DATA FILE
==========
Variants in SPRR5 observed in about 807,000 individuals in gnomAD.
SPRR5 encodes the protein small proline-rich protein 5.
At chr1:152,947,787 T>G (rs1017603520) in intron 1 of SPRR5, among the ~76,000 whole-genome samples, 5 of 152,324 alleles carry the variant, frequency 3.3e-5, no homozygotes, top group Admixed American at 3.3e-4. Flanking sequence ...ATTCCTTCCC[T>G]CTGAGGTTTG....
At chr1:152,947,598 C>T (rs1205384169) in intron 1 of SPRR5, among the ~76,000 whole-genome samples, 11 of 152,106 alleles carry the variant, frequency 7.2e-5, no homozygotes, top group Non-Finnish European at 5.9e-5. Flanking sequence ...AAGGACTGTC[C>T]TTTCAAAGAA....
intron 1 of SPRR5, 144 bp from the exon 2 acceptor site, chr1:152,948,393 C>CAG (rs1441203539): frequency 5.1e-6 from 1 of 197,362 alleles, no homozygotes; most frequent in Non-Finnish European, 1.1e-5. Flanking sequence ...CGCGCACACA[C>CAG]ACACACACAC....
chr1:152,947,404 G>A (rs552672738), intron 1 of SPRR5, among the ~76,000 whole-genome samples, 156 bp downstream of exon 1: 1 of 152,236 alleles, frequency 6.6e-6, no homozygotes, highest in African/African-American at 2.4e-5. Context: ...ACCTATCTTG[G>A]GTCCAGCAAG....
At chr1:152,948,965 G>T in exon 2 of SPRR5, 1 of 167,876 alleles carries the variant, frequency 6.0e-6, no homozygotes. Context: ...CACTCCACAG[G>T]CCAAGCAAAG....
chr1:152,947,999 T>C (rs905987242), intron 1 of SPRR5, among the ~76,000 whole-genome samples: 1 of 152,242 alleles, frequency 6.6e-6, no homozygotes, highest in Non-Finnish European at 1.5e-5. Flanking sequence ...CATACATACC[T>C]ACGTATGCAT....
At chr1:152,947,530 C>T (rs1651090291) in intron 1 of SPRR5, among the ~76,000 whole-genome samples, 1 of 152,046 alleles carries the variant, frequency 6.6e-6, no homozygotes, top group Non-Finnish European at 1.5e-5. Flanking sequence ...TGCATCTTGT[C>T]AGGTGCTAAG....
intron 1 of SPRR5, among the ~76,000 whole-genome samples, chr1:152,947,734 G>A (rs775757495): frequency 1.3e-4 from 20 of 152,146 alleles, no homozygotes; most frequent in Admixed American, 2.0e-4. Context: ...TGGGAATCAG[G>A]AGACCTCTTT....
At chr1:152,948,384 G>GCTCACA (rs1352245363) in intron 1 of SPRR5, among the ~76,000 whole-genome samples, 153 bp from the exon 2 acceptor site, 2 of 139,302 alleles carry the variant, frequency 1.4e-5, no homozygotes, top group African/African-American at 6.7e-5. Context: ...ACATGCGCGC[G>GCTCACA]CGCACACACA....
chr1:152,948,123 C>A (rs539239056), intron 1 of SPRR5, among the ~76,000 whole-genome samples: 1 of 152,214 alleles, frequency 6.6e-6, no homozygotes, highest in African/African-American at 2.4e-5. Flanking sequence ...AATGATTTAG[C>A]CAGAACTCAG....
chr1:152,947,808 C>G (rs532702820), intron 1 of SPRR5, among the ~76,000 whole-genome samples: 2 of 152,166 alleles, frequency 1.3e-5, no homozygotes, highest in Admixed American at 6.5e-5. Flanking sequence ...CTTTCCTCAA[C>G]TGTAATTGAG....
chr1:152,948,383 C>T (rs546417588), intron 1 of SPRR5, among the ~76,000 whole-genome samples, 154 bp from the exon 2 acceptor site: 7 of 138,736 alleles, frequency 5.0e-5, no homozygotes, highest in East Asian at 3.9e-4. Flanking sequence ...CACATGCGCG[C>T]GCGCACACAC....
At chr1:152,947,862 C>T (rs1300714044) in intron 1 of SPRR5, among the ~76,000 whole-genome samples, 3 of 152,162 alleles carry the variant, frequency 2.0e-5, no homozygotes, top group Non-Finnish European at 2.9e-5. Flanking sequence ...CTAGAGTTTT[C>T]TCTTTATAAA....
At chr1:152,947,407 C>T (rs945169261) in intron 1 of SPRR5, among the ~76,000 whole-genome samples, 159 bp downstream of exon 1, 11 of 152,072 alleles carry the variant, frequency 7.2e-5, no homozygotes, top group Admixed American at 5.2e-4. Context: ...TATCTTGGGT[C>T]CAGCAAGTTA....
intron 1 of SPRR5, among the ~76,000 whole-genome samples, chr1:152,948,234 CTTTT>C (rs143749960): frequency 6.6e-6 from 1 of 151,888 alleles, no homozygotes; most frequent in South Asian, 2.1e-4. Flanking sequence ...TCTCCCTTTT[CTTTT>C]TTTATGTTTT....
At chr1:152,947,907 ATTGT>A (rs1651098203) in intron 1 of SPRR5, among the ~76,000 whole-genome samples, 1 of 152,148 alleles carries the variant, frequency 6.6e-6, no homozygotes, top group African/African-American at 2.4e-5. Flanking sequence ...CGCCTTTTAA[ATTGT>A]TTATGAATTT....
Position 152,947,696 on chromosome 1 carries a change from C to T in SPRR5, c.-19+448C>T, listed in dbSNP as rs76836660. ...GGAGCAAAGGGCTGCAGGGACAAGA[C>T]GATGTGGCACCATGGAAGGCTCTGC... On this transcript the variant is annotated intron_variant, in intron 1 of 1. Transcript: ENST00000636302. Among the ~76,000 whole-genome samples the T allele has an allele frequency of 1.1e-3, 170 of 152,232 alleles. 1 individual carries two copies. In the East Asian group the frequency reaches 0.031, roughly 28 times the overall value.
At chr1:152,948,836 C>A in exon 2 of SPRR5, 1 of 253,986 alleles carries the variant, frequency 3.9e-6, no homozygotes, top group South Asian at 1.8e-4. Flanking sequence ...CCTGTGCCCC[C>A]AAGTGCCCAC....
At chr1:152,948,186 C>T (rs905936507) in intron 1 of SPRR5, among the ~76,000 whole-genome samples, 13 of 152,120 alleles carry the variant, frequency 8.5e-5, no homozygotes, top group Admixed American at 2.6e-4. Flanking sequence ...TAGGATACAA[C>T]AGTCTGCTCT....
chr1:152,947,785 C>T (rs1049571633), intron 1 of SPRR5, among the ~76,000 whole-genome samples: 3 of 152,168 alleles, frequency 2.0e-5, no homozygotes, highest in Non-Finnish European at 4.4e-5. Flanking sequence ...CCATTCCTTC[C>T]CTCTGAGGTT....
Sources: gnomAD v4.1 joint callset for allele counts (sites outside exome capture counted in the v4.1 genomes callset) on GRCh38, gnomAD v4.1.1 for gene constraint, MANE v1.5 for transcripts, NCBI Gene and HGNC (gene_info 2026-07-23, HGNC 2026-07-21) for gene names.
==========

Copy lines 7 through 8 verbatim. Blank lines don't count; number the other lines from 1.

At chr1:152,948,965 G>T in exon 2 of SPRR5, 1 of 167,876 alleles carries the variant, frequency 6.0e-6, no homozygotes. Context: ...CACTCCACAG[G>T]CCAAGCAAAG....
chr1:152,947,999 T>C (rs905987242), intron 1 of SPRR5, among the ~76,000 whole-genome samples: 1 of 152,242 alleles, frequency 6.6e-6, no homozygotes, highest in Non-Finnish European at 1.5e-5. Flanking sequence ...CATACATACC[T>C]ACGTATGCAT....